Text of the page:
Bears safety Chris Harris is one of the team's most prolific "tweeters."
He often uses Twitter to debate issues in and out of the game with his followers, responding honestly to their questions. What's funny is that one of his most open discussions came because of the lack of openness from his employer.
This week, a debate on the possibility of a lockout turned into a discussion on football players' pay. This inspired Harris to move outside the 140-character confines of Twitter. On his website, he gave his take on football players pay. Though it's easy to lament football players' high salaries, Harris points out everything that his salary means. He goes into detail, discussing the physical demands and risks of the job, the short nature of football players careers and lives, and that the average football player does not make seven figures per year.
As much as I wish that money wasn’t such an overwhelmingly important factor in our lives, it is. In this world we live in, part of our life’s survival is dependent on it, and this is why NFL players - in my honest opinion - are NOT overpaid. We sacrifice our lives in an effort to make owners happy, fans happy and, most importantly, our families happy.
What’s the price of your life’s well being and happiness? ...Answer: There isn't a price. However, as long as the world continues revolving around money, we all might as well earn a dollar amount that, at the very least, compensates us for that which we sacrifice. It’s simply the fair thing to do.
Harris was put in the unique position of defending his salary for one reason -- we know how much he makes. The details of his contract, his yearly salary and the types of bonuses he can earn are available on theInternet. He can't "cry poor" when we know that he made more than a $1million in 2010.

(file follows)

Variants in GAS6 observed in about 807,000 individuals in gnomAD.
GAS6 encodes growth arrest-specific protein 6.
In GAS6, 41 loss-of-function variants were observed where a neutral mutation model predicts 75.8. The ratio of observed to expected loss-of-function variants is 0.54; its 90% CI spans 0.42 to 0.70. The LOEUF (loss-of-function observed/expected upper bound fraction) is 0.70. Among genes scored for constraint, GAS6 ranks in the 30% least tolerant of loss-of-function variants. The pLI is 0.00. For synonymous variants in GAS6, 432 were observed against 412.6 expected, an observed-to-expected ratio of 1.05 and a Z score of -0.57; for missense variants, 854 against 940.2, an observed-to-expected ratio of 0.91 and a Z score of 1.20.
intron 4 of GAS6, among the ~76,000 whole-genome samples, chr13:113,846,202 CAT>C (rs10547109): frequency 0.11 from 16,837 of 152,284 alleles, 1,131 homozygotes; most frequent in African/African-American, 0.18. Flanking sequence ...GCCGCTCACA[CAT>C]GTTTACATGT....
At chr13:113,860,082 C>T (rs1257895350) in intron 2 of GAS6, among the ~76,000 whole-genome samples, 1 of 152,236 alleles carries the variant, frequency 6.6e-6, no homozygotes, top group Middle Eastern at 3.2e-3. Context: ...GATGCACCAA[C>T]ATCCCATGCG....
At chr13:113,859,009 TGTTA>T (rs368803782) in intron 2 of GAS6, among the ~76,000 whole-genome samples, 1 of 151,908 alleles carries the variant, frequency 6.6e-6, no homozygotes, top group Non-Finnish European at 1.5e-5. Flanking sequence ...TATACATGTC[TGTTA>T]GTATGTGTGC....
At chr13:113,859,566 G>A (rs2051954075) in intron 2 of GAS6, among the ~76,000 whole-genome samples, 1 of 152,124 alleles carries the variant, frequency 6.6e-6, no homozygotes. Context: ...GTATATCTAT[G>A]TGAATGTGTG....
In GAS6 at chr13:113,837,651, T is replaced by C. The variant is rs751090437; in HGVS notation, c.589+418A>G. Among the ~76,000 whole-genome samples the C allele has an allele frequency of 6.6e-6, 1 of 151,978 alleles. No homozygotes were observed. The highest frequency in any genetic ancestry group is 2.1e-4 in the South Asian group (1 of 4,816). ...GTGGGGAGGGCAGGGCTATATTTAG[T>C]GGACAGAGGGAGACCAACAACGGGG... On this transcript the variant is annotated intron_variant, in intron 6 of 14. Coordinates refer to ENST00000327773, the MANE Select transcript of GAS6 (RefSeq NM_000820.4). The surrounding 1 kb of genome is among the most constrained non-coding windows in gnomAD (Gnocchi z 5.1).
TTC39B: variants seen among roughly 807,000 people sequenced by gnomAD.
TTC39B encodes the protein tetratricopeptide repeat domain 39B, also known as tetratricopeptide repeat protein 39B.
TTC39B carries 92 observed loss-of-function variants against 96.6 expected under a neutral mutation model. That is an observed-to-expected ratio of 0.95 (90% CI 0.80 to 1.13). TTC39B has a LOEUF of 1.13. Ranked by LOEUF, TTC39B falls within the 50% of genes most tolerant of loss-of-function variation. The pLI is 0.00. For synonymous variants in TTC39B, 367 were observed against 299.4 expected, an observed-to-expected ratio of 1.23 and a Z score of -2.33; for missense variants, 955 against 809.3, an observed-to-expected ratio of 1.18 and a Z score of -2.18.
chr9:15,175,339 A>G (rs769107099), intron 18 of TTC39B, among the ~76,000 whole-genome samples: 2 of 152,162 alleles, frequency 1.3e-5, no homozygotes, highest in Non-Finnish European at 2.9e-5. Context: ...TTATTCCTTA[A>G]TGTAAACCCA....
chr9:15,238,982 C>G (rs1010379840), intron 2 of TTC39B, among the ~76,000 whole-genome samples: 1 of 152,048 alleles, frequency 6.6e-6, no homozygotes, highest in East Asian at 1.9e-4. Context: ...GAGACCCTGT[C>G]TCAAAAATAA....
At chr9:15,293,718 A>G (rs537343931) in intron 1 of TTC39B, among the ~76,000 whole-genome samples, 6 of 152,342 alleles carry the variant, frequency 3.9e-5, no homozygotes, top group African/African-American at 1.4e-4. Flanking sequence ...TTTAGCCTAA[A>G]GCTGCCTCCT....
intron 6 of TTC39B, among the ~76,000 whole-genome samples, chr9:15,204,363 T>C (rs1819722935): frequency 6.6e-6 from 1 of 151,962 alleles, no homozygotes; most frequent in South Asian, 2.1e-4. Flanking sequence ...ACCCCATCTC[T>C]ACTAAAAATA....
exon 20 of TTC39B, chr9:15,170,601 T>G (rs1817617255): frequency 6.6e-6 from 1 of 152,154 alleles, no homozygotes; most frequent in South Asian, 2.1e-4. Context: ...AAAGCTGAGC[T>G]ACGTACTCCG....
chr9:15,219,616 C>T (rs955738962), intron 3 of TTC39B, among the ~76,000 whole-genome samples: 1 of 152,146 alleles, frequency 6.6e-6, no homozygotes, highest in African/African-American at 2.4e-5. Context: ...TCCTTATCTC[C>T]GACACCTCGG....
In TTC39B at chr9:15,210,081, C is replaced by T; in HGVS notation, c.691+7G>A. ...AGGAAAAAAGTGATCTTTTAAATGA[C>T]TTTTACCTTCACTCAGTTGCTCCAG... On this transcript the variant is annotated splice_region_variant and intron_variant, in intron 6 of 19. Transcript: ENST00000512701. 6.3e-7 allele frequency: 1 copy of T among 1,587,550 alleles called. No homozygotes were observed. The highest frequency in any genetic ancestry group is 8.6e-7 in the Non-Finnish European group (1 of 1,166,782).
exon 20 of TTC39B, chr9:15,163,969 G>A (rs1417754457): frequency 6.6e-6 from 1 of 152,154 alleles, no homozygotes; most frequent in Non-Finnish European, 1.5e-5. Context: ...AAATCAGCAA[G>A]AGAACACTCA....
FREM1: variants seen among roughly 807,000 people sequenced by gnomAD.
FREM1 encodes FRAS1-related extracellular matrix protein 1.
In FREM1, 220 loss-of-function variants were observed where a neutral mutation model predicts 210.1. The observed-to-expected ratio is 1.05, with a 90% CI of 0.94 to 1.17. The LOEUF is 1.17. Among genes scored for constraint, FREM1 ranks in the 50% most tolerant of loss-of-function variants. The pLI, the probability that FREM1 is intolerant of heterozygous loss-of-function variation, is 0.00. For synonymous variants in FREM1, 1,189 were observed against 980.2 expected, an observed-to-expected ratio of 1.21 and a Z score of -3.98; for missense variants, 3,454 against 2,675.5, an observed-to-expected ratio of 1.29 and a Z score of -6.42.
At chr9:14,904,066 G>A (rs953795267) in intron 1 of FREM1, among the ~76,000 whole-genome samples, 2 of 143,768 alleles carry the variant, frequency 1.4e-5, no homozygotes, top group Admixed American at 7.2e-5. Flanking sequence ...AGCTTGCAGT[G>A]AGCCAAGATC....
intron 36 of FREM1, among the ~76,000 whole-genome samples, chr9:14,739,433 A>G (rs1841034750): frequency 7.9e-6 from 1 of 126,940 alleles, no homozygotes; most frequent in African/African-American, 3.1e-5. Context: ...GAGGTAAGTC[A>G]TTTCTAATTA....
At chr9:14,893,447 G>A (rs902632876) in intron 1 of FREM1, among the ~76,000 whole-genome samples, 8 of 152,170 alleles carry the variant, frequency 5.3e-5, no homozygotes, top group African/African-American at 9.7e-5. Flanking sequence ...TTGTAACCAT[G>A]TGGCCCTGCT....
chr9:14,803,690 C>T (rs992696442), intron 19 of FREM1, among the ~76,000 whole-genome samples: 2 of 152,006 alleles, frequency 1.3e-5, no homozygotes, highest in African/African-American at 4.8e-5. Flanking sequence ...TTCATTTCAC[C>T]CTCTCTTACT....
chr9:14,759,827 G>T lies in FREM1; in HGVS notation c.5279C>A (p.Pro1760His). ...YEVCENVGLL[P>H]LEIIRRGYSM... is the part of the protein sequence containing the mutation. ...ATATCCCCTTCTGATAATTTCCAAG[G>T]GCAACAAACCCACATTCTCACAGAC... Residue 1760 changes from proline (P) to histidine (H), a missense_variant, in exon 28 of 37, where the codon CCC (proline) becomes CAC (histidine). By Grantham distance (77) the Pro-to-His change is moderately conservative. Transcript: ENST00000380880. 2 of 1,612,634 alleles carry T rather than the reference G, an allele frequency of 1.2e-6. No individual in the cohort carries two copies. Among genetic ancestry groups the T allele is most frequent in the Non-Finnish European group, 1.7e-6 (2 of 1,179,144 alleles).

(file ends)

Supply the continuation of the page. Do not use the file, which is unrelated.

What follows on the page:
That's not true for the Bears, or any other NFL team, save the Packers. As privately-held corporations, the teams can keep their books closed, so that the players and the public have no idea what their profits were. (The Packers are the NFL's only publicly-held company, so their books are open.)
A major point of contention in the collective bargaining agreement is that the owners are claiming that they aren't making enough money to justify their current profit-sharing agreement with the players. The players have asked for the owners to open their finances and prove it, but the owners have repeatedly refused.
Without knowing their profits, the owners can claim that they aren't making enough money to sustain players' salaries and the fans and players won't know if they're being honest. That stands in stark contrast to the honesty Harris showed in talking about his salary and why he deserves it. If the same questions were lobbed at the owners, would they be as forthright?